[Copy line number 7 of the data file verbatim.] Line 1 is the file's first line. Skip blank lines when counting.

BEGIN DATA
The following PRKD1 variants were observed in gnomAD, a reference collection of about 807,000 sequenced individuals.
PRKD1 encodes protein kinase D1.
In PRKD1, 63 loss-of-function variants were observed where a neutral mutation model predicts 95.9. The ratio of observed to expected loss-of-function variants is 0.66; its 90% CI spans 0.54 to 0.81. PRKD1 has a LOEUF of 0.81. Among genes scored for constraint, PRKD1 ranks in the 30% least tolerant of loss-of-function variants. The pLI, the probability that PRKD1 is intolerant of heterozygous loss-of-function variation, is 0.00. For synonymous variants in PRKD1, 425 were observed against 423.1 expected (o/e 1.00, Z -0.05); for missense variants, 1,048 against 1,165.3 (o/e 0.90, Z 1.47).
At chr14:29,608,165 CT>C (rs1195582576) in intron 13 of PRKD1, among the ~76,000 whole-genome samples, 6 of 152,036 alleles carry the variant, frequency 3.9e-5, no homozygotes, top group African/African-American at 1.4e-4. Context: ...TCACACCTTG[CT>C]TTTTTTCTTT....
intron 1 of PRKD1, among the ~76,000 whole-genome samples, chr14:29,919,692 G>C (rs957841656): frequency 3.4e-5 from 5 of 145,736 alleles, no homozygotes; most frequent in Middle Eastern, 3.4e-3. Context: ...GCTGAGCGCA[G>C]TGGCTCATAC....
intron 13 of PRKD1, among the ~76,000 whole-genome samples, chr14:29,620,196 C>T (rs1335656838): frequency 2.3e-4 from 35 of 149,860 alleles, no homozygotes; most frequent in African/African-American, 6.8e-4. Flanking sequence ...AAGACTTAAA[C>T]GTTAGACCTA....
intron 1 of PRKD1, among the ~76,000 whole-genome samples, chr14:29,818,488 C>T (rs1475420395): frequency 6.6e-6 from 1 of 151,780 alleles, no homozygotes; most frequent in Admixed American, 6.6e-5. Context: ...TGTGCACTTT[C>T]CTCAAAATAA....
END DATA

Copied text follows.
intron 1 of PRKD1, among the ~76,000 whole-genome samples, chr14:29,818,488 C>T (rs1475420395): frequency 6.6e-6 from 1 of 151,780 alleles, no homozygotes; most frequent in Admixed American, 6.6e-5. Context: ...TGTGCACTTT[C>T]CTCAAAATAA....